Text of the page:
17   Economics and Accounting — Knowledge of economic and accounting principles and practices, the financial markets, banking and the analysis and reporting of financial data.
17   Geography — Knowledge of principles and methods for describing the features of land, sea, and air masses, including their physical characteristics, locations, interrelationships, and distribution of plant, animal, and human life.
11   Foreign Language — Knowledge of the structure and content of a foreign (non-English) language including the meaning and spelling of words, rules of composition and grammar, and pronunciation.
11   Mechanical — Knowledge of machines and tools, including their designs, uses, repair, and maintenance.
11   Philosophy and Theology — Knowledge of different philosophical systems and religions. This includes their basic principles, values, ethics, ways of thinking, customs, practices, and their impact on human culture.
  Transportation — Knowledge of principles and methods for moving people or goods by air, rail, sea, or road, including the relative costs and benefits.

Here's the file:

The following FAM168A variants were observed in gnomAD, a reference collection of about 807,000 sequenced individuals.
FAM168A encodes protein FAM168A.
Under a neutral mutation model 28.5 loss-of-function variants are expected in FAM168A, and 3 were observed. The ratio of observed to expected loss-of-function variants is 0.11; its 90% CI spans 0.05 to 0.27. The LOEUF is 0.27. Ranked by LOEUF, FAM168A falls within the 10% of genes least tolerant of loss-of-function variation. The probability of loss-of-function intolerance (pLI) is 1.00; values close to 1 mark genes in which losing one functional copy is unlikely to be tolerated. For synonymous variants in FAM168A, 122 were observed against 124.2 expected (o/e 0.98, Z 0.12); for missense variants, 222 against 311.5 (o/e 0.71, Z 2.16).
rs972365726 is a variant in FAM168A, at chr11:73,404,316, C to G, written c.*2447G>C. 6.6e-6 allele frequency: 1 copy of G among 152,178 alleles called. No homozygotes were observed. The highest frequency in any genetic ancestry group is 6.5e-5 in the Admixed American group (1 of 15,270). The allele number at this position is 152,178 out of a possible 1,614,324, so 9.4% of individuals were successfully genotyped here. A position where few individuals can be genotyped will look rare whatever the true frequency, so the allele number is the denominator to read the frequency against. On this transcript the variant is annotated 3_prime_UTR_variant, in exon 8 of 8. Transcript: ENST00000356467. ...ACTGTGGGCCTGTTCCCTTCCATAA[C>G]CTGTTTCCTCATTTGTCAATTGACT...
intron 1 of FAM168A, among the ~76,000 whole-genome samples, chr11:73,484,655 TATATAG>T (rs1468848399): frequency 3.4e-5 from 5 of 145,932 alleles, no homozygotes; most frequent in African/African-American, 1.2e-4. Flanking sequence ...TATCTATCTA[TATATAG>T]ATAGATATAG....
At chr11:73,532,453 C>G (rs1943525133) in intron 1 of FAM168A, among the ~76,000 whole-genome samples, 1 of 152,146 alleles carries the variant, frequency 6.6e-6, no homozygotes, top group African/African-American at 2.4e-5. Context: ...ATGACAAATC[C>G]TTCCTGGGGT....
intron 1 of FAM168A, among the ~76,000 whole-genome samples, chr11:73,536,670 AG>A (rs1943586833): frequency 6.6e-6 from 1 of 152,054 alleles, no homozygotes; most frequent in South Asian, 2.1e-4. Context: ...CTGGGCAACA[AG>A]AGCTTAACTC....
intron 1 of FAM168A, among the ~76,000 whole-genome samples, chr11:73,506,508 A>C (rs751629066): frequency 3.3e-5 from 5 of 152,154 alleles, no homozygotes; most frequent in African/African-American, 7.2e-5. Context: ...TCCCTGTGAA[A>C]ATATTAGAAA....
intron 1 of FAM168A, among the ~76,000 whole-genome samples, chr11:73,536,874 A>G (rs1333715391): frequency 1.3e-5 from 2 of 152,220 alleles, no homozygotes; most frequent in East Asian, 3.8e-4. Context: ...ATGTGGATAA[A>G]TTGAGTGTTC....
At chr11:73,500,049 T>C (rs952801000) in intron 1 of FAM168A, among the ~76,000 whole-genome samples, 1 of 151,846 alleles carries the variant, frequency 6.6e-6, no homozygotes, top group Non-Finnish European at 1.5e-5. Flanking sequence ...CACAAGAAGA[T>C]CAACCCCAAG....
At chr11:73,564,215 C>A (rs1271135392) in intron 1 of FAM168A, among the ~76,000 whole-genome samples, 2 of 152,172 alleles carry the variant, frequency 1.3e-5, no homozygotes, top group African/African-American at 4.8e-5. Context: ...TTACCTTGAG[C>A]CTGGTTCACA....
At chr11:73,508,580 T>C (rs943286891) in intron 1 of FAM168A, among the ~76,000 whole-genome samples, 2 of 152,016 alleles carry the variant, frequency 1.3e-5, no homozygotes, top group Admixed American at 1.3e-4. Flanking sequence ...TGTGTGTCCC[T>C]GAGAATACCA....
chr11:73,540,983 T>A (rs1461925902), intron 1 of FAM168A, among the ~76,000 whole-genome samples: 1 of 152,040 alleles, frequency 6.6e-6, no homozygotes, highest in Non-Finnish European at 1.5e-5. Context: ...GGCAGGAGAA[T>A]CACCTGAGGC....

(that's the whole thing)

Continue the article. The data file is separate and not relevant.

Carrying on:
Building and Construction — Knowledge of materials, methods, and the tools involved in the construction or repair of houses, buildings, or other structures such as highways and roads.
  History and Archeology — Knowledge of historical events and their causes, indicators, and effects on civilizations and cultures.
  Therapy and Counseling — Knowledge of principles, methods, and procedures for diagnosis, treatment, and rehabilitation of physical and mental dysfunctions, and for career counseling and guidance.
  Chemistry — Knowledge of the chemical composition, structure, and properties of substances and of the chemical processes and transformations that they undergo. This includes uses of chemicals and their interactions, danger signs, production techniques, and disposal methods.
  Physics — Knowledge and prediction of physical principles, laws, their interrelationships, and applications to understanding fluid, material, and atmospheric dynamics, and mechanical, electrical, atomic and sub- atomic structures and processes.
  Biology — Knowledge of plant and animal organisms, their tissues, cells, functions, interdependencies, and interactions with each other and the environment.
  Medicine and Dentistry — Knowledge of the information and techniques needed to diagnose and treat human injuries, diseases, and deformities. This includes symptoms, treatment alternatives, drug properties and interactions, and preventive health-care measures.